According to Rockefeller University researchers in New York, the two types of cells, located in a part of the brainstem called the dorsal raphe nucleus, are potential targets for new drugs to treat obesity by controlling the hunger signals that drive the search for and consumption of food.
The results indicated that neurons in the part of the brain played a role in feeding behaviour.
They also offer a possible solution to a problem that has dogged previous efforts to address obesity at the neuronal level.
“The recent data suggest that modulation of the activity of specific neurons with drugs could bypass leptin resistance and provide a new means for reducing body weight,” said another researcher Jeffrey Friedman.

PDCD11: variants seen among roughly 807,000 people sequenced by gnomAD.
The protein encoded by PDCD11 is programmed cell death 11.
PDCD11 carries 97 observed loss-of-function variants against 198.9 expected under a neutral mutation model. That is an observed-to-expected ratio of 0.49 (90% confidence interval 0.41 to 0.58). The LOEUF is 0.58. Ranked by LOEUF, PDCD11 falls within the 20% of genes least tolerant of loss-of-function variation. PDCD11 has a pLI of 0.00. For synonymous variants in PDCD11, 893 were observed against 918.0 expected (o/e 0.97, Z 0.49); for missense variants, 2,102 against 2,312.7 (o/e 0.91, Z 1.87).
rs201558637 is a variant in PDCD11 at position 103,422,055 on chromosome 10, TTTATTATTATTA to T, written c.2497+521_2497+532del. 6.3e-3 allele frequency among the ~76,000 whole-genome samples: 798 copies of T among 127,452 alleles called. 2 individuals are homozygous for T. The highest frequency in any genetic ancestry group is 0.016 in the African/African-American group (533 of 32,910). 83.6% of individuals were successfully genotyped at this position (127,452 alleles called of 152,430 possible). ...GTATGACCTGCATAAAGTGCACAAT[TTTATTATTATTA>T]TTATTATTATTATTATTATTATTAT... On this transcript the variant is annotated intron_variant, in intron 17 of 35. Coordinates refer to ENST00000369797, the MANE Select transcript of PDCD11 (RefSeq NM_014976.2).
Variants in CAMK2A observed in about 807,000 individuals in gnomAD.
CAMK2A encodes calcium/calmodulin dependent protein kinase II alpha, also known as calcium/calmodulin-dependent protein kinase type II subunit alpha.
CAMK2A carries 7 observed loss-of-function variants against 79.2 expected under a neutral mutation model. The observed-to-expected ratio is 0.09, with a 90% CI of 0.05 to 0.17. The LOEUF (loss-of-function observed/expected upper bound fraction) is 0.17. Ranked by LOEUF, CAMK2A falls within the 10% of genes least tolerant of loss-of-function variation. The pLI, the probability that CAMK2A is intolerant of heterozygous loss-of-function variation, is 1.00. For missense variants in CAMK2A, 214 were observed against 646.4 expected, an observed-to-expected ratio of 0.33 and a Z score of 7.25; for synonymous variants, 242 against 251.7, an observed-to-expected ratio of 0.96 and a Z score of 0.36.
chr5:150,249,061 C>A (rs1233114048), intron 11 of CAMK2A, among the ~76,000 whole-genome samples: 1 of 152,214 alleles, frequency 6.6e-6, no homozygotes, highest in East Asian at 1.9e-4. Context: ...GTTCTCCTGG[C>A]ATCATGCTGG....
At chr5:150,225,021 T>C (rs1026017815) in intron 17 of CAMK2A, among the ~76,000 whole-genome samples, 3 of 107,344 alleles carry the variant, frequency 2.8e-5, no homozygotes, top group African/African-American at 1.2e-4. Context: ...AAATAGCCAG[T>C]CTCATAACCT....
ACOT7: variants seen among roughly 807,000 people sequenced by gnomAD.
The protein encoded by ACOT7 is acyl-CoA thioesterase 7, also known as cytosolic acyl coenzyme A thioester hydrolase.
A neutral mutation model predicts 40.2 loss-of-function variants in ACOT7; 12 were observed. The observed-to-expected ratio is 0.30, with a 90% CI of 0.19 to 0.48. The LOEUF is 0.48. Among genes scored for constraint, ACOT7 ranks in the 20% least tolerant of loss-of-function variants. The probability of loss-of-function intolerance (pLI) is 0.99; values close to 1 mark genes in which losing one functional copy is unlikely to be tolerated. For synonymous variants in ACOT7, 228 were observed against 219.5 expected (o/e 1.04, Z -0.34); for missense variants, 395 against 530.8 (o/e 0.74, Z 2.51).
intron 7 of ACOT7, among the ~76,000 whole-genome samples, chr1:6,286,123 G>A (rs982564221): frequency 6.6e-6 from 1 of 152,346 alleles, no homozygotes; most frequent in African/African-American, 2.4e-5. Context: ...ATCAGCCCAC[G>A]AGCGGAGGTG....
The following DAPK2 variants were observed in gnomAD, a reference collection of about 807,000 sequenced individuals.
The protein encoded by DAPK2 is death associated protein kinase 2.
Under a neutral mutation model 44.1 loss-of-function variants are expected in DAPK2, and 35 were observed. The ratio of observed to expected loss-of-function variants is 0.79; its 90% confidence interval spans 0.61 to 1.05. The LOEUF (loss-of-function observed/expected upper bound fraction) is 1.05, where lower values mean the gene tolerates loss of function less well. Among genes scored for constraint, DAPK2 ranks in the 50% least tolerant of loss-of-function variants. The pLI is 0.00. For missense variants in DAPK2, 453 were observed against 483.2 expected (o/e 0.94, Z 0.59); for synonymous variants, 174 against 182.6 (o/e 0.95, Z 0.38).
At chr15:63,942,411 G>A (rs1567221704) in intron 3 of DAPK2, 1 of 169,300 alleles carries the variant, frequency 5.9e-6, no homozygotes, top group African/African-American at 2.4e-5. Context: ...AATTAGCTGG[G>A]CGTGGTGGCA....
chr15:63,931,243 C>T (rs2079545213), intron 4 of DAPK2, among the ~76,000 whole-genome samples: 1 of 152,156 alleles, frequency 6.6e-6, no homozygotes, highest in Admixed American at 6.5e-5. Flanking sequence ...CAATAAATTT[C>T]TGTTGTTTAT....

First study author Alexander Nectow and his colleagues zeroed in on the dorsal raphe nucleus, or DRN, when whole-brain imaging made with iDISCO, an advanced technique developed at Rockefeller, revealed that this part of the brain becomes activated in hungry mice.
Subsequent imaging of other mice that were fed more than their normal amount of food, until they were full, revealed a different pattern of DRN activity.
“One is that the cells are just along for the ride–they are getting activated by hunger but they’re not actually driving the food intake process. The other possibility is that they are in fact part of the sense and respond mechanism to hunger–and in this case, we suspected the latter,” Nectow added.
The researchers also studied the effect of switching off hunger neurons in obese mice.
Another researcher Marc Schneeberger Pane stated that prolonged inhibition of these neurons could dramatically reduce body weight.
The findings open up new avenues of research into exactly how the brain controls eating, and suggest that drugs designed to…